The Immigration Rules contain very strict rules for the entry of Adult Dependant Relatives. An adult dependant relative covers the following relationships:

  • Adult Children
  • Aunts and Uncles
  • Grandparents and Parents
  • Siblings

The rules are so difficult to meet that the number of global applicants who enter the UK under this route every year is tiny.

The Adult Dependant Rules form part of Appendix FM, they are significantly more difficult to meet than the previous rules which governed the admission of adult dependant relatives.

The rules for dependants in this category were introduced in July 2012 via Appendix FM of the Immigration Rules. The requirements are onerous.

Applicants under this route have to demonstrate that they won’t be reliant on additional public funds and their relatives may be required to sign an undertaking. There is nothing new here, the difficulties are in satisfying the new tests.

Applicants can only be admitted if they can demonstrate, that ‘as a result of age, illness or disability’, they require ‘long-term personal care to perform everyday tasks’ and that they are unable, even with the practical and financial help of the sponsor, to obtain the required level of care in the country where they are living because:

  1. It is not available and there is no person in that country who can reasonably provide it.
  2. It is not affordable.

In some countries, families face heart-breaking problems sourcing suitable care. Clients often tell us that there is no suitable nursing care in their country of origin and that private care arrangements can only work where a family member is available to supervise that care.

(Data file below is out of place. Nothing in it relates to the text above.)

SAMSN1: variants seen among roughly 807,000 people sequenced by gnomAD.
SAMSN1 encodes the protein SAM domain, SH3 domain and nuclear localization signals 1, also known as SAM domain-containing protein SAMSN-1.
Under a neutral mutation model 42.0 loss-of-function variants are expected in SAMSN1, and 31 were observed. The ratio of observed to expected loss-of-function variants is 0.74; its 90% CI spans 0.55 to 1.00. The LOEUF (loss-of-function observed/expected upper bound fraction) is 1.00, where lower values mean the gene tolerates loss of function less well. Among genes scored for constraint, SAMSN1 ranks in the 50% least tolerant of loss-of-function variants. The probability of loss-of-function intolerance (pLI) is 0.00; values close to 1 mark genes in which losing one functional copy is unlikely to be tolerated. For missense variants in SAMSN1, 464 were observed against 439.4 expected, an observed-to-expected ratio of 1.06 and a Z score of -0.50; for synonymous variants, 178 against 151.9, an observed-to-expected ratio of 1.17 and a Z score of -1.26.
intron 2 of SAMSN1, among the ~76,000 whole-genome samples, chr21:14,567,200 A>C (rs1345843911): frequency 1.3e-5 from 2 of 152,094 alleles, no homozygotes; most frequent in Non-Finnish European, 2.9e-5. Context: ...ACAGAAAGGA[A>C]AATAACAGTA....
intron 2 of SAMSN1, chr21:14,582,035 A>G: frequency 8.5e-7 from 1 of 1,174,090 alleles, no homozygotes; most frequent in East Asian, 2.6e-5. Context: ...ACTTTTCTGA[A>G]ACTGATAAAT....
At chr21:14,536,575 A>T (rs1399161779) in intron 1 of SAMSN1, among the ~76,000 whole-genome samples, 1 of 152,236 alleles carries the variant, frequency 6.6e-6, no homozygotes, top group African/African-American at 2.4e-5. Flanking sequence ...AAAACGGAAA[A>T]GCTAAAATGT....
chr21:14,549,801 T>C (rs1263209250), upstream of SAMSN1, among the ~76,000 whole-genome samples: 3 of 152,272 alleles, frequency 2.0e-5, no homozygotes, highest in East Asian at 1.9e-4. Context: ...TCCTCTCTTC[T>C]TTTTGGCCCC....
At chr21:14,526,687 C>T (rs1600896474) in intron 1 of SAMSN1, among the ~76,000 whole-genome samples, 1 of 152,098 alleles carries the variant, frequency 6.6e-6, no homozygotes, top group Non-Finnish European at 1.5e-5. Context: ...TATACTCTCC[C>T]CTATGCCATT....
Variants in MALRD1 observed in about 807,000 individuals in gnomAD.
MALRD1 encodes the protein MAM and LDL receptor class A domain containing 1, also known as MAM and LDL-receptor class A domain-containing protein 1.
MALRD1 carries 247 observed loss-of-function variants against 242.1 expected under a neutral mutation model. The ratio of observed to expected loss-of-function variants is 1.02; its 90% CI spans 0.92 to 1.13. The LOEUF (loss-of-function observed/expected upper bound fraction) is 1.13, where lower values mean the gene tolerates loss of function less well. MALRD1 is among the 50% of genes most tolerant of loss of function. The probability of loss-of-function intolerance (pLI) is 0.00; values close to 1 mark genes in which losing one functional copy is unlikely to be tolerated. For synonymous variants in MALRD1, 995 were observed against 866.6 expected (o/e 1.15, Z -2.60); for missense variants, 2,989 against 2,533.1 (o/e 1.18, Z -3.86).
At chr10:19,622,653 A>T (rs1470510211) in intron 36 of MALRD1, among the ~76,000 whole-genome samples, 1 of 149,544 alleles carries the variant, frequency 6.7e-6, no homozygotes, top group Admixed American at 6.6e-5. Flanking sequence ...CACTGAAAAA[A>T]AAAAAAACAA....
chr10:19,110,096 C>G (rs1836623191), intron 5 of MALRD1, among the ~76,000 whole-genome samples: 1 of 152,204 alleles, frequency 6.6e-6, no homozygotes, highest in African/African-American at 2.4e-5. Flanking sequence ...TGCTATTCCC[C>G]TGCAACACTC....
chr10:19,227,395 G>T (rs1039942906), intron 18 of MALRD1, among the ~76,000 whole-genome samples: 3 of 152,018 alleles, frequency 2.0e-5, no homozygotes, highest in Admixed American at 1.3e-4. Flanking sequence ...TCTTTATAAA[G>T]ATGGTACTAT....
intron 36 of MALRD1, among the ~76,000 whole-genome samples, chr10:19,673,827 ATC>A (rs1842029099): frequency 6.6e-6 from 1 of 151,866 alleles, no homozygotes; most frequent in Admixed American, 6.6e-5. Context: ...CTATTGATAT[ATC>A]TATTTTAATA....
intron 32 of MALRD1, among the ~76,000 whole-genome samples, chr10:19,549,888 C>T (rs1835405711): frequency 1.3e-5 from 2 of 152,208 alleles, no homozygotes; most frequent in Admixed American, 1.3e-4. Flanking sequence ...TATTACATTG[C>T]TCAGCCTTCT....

The operation of the rules in practice have resulted in very few grants of entry clearance, although some applicants have had success at appeal. For many adult children, not being able to care for elderly parents is a very serious source of concern and is deeply upsetting.

In 2017, JCWI (Joint Council of Welfare of Immigrants) a campaigning organisation, brought a test case, challenging the very legality of the Immigration Rules themselves against human rights legislation. The Court, whilst it did not order that the rules be abolished, did express sympathy with the families involved and ordered that in future case-workers should look at the whether the standard of care needed can “reasonably be provided” to the “required level” in the home country.

The court ruled that the anticipated care overseas must be ‘reasonable’ from the point of view of both the Adult Dependant Relative and the provider and that the standard of care must be what is required for that particular applicant. The Court also ruled that emotional and psychological aspects of care must be looked at. 

Whilst the Court of Appeal judgment does offer a glimmer of hope to these cases, they remain very difficult applications to make and legal assistance should be sought.

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